FullSizeRender-22Then I have moments like last night, when I laid Nora Beth down for bed and she sweetly pulled her blanket over her face and then quickly back down laughing… she initiated Peek-a-B00, and we played together laughing and laughing before she held my face while I kissed her good night, and I reluctantly turned out the light. Those moments help deflate the bubble of darkness that lies in wait (or “in weight,” probably more accurately). They fill the emptiness. They remind me that even in the grief my cup isn’t leaking. It is overflowing. Oh, it is overflowing with so much richness.

I will never know why God compassionately shook His head and did not allow miracles to happen within the prayers I poured my heart and pleas and tears and soul into. I don’t know why my hope and expectant faith seems to be for naught. I don’t know why I’m being tossed along the rivers of grief grappling for a floatie. And, frankly, it doesn’t matter. It. Does. Not. Matter. Because it isn’t about me after all. I refuse to be a “why me,” person. Why not me? There is nothing about me that is so marked with goodness that I shouldn’t bear these burdens. I refuse to let my grief overcome me and incapacitate my wings. In fact, maybe learning to swim in these waters, and learning how to stretch my burdened, tired, and leaden wings despite the storms that are yearning to overwhelm me, is exactly the point.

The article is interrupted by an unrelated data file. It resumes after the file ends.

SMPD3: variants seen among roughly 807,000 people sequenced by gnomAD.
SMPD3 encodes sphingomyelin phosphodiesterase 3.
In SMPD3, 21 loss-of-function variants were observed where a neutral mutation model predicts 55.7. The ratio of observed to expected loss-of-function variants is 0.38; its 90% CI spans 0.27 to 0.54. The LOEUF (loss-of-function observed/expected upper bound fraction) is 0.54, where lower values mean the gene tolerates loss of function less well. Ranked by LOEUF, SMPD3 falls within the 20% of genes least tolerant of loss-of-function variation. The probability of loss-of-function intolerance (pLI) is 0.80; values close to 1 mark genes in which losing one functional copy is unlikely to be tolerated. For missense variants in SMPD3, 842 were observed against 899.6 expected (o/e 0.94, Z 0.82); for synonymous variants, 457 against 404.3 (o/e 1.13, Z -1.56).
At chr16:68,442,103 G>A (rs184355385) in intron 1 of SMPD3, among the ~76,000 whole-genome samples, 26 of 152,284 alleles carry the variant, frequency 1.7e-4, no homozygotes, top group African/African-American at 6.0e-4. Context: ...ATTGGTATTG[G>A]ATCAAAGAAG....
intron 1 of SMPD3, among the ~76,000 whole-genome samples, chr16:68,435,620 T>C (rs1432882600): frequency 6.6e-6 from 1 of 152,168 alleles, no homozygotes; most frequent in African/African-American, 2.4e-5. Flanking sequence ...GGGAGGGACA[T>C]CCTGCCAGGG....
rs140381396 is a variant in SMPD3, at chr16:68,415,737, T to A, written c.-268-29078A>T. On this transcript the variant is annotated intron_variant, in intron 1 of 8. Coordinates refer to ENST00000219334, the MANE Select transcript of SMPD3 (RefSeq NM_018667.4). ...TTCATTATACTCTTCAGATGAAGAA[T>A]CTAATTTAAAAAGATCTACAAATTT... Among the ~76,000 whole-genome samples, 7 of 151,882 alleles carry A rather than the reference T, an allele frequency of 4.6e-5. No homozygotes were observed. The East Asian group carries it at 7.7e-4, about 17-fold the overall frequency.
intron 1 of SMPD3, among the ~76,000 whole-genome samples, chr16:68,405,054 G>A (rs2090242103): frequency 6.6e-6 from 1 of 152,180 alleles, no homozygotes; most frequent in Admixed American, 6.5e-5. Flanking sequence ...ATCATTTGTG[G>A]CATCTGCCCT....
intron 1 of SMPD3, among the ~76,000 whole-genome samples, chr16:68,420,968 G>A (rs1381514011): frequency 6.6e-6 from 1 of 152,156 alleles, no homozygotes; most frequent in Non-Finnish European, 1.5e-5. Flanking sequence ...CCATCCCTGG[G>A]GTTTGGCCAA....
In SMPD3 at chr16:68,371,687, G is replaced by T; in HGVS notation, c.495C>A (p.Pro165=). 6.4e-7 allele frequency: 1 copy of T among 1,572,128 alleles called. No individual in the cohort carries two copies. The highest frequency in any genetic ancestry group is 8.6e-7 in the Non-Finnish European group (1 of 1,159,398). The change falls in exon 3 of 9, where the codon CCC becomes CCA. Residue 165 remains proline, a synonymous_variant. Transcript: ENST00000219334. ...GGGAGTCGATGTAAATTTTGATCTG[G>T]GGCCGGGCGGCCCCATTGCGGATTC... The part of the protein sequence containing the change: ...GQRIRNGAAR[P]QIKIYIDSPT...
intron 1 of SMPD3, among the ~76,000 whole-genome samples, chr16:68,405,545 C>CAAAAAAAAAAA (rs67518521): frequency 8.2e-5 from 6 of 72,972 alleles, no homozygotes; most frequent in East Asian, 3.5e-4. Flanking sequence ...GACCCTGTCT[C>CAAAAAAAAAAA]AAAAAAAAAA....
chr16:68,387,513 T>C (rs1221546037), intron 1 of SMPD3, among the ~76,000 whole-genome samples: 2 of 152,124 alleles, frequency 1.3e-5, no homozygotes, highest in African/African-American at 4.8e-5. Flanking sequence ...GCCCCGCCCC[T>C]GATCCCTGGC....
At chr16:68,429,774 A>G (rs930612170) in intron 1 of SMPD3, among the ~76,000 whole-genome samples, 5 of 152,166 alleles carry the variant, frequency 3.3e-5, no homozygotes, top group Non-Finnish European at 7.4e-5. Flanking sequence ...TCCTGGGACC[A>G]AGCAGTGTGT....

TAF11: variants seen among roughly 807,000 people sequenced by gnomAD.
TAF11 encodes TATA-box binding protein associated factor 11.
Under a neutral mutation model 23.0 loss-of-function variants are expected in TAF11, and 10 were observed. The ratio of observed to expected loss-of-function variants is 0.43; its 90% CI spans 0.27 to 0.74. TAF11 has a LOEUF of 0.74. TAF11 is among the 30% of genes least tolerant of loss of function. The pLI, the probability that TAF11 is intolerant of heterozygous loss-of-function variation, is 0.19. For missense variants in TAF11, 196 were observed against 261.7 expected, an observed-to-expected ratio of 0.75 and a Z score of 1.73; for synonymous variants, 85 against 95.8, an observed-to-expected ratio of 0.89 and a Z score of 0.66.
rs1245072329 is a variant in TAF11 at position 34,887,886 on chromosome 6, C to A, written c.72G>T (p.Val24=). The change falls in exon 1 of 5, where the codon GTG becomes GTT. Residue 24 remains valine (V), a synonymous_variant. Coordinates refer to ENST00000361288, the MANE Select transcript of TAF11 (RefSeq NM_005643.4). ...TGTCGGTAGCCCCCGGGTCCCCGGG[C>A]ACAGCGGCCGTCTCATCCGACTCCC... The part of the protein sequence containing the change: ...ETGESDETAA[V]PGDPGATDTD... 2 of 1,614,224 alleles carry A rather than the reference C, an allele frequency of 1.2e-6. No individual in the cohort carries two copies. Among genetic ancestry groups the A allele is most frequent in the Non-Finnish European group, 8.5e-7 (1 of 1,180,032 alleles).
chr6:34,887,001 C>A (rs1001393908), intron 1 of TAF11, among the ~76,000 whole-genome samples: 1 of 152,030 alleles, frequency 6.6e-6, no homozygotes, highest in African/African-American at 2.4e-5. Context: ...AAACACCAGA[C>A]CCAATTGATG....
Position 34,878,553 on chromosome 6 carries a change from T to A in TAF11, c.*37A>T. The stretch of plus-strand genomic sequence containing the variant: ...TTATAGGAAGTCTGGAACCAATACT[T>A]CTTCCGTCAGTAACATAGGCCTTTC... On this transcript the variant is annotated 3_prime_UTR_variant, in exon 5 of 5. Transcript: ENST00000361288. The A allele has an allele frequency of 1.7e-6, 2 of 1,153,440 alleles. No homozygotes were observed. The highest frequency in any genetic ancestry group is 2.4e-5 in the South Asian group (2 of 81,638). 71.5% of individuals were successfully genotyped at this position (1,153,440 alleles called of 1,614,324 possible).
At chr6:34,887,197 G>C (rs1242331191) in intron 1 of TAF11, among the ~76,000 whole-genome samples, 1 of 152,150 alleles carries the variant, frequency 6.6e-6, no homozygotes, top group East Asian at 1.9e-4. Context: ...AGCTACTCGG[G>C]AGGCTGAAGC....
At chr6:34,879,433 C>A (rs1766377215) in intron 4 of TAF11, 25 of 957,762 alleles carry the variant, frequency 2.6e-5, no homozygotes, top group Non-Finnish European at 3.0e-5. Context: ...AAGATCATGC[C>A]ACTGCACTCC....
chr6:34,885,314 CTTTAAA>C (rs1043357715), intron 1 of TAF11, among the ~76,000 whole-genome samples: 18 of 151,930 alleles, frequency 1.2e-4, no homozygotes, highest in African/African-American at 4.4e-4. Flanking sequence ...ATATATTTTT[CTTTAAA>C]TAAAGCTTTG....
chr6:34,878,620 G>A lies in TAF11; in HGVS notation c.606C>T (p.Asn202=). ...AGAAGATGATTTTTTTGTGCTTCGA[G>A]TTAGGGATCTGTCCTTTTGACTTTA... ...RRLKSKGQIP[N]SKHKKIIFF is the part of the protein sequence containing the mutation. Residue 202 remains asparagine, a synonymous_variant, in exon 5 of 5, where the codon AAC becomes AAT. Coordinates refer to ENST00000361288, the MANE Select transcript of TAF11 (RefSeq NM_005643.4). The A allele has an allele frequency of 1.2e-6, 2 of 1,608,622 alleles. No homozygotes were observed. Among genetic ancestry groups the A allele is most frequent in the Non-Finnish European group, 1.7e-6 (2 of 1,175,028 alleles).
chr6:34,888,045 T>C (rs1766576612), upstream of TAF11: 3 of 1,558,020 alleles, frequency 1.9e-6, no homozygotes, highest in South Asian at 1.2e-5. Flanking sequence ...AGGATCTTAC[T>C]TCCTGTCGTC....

There is freedom even in the admission that this is all too much. If it weren’t, there would be no need for reliance on a masterful Creator and Savior at all. The grief… it will not end. But it will become bearable… the tsunami giving way to waves that still crash, only not quite as violently, leaving in its wake a heart full of deeper joys, more authentic gratitude and greater empathy. The grief is valid. The feelings are valid. The struggles are real. The fight is vicious. And your heart is worth something. It is worth something to the emotions threating to overpower it, and it is worth the battle it will require to take it back. I know this assurance: that the things that are noble, good, right and true are more powerful and richer than the weight of what is wrong, but it’s impossible to know until you let it go and fly.

“Because you are my help, I sing in the shadow of your wings.” Psalm 63:7

2 thoughts on “Weighted Wings

  1. Oh sweet Caroline, so true and so powerful! Keeping you in my prayers. We, too, lost a baby after Ashby. Grief was consuming. But our gracious God gave us Christian, a true blessing and gift. HIS plan is so better than ours. Keep the faith!